Thursday, July 25, 2013

It's The Economy Stupid: Jobless & Durable Goods



More Americans filed for unemployment benefits last week as annual auto-plant shutdowns continued to affect data.  Jobless claims rose slightly  by  7,000 to 343,000 in the week ended July 20 from a revised 336,000 the prior period.  The median forecast of 49 economists surveyed by Bloomberg projected 340,000. The retooling at carmakers and school closings typical during this time of year continued to influence the figures last week, a spokesman said as the data were released.  Beyond the swings, the job market is improving as firings slow and payroll gains pick up, raising the odds that consumer spending will accelerate in the second half of the year. Fewer dismissals would lay the foundation for larger gains in hiring as the peak of the drag from government budget cuts passes.



Orders for U.S. durable goods rose more than forecast in June, showing a pickup in demand that will help propel manufacturing and the economy in the second half of the year.  Bookings for goods meant to last at least three years increased 4.2 percent after a revised 5.2 percent gain in May that was bigger than initially reported.  However, take out transportation and the durable goods numbers were unchanged.  The median forecast of 79 economists surveyed by Bloomberg called for a 1.4 percent advance.  Unfilled orders for big-ticket goods rose the most since December 2007.  Gains in residential real estate and motor vehicle sales are making up for weakness in overseas markets.  A pickup in business investment amid lean inventories would provide a further boost to manufacturing at the same time the effects from federal budget cuts diminish.  The unfilled orders numbers could be a sign of a choke point in the economy.  In a sign industrial production will be sustained, the backlog of orders to factories jumped 2.1 percent in June, the most since the end of 2007. Unfilled orders for non-military capital goods excluding transportation equipment climbed 1.7 percent last month after a 1.2 percent increase.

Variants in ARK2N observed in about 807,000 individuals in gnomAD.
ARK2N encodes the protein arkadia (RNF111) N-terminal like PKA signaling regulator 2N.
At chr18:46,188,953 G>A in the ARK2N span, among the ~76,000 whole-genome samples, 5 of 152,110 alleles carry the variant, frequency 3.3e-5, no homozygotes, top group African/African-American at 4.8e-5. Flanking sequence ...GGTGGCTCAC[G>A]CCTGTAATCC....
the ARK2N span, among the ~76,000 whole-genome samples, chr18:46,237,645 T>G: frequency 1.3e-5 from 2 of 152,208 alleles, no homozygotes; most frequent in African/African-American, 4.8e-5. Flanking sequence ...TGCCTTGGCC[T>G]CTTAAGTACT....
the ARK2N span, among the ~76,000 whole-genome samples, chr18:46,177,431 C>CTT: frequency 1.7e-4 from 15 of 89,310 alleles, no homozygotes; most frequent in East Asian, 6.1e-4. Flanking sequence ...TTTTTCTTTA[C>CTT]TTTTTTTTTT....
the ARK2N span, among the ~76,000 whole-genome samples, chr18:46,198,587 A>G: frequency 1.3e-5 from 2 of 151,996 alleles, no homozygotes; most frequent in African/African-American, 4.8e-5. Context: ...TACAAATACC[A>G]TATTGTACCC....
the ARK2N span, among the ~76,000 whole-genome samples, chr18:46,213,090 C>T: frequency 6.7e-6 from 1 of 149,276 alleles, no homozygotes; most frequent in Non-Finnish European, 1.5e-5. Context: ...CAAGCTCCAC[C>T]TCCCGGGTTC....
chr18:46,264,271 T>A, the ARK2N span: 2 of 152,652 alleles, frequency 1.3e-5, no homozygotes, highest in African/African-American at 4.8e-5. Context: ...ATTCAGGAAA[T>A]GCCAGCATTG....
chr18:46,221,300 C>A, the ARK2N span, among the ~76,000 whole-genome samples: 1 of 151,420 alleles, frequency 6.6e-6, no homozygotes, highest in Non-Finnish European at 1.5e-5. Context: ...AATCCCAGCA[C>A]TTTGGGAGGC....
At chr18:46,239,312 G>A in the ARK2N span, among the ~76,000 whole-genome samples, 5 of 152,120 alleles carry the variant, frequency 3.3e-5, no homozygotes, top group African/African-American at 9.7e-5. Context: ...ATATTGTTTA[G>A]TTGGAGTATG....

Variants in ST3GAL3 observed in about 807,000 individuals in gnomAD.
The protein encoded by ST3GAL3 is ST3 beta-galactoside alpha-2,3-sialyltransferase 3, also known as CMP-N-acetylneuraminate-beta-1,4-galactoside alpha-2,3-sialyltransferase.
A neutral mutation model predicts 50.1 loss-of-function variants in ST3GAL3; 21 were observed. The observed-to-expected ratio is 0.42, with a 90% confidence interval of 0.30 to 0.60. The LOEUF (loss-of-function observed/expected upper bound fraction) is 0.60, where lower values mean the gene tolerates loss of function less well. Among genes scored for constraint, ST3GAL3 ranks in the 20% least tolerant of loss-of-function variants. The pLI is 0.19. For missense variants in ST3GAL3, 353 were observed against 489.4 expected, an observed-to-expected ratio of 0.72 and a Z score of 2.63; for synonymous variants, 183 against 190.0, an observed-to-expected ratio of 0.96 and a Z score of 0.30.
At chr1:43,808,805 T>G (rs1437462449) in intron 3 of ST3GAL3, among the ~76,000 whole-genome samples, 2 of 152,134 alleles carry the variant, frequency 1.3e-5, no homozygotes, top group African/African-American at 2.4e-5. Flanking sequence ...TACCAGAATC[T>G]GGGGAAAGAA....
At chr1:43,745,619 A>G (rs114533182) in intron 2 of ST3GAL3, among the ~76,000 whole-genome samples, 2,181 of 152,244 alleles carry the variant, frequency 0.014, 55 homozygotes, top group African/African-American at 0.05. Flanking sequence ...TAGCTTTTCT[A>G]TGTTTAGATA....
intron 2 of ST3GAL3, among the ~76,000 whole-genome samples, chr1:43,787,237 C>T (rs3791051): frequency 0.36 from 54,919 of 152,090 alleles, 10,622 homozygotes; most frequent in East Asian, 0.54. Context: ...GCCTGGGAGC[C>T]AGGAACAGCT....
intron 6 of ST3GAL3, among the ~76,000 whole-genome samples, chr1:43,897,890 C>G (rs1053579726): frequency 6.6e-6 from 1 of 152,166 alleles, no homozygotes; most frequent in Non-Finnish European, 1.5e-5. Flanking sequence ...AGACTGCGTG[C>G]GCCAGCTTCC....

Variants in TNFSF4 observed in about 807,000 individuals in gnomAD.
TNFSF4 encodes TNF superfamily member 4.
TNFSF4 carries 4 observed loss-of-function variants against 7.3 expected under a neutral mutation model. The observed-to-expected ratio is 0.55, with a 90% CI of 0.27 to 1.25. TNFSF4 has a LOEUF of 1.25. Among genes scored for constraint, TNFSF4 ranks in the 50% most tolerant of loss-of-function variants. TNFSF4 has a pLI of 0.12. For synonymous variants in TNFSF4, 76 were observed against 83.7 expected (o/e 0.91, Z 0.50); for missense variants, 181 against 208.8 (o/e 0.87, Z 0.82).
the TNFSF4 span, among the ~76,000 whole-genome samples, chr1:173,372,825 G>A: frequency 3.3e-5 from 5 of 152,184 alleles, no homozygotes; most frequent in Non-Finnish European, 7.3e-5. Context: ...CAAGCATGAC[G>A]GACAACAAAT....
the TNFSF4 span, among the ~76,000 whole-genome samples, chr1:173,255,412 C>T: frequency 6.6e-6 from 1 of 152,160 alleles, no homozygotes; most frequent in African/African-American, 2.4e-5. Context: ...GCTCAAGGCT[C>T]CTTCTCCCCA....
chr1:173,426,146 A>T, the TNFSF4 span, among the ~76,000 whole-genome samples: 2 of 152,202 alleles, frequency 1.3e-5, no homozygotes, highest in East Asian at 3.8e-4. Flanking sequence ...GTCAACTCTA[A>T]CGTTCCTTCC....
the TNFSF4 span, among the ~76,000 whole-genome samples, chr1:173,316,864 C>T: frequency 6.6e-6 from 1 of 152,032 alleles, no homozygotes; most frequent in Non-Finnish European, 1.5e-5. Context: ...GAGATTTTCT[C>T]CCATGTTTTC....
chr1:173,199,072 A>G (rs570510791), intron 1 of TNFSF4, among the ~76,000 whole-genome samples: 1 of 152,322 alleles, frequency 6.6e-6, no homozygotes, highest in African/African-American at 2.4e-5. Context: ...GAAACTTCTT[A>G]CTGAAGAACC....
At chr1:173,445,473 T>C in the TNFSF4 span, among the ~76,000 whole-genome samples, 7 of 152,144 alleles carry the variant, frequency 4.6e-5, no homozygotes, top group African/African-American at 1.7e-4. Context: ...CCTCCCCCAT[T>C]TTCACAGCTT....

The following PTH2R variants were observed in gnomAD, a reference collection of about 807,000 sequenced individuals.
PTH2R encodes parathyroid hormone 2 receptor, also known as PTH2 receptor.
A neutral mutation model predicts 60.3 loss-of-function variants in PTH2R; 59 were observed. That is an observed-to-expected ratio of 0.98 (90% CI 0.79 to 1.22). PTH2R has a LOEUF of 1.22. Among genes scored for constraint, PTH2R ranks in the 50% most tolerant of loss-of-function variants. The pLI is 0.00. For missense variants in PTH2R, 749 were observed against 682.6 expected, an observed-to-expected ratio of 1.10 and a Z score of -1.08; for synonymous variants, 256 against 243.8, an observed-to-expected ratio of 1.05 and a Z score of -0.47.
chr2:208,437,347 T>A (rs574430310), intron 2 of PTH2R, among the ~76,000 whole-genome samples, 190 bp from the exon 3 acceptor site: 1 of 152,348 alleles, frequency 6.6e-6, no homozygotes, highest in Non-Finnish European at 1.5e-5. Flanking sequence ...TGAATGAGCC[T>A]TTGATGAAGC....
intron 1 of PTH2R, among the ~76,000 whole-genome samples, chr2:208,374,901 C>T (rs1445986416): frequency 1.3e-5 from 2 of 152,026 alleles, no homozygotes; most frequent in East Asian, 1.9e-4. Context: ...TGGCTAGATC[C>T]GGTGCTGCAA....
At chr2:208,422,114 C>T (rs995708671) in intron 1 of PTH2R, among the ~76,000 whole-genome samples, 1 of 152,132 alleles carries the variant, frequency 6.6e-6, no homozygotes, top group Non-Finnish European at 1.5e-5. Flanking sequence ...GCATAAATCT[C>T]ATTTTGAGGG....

John Broussard

Assistant State Treasurer

Chief Investment Officer

State of Louisiana

Department of the Treasury



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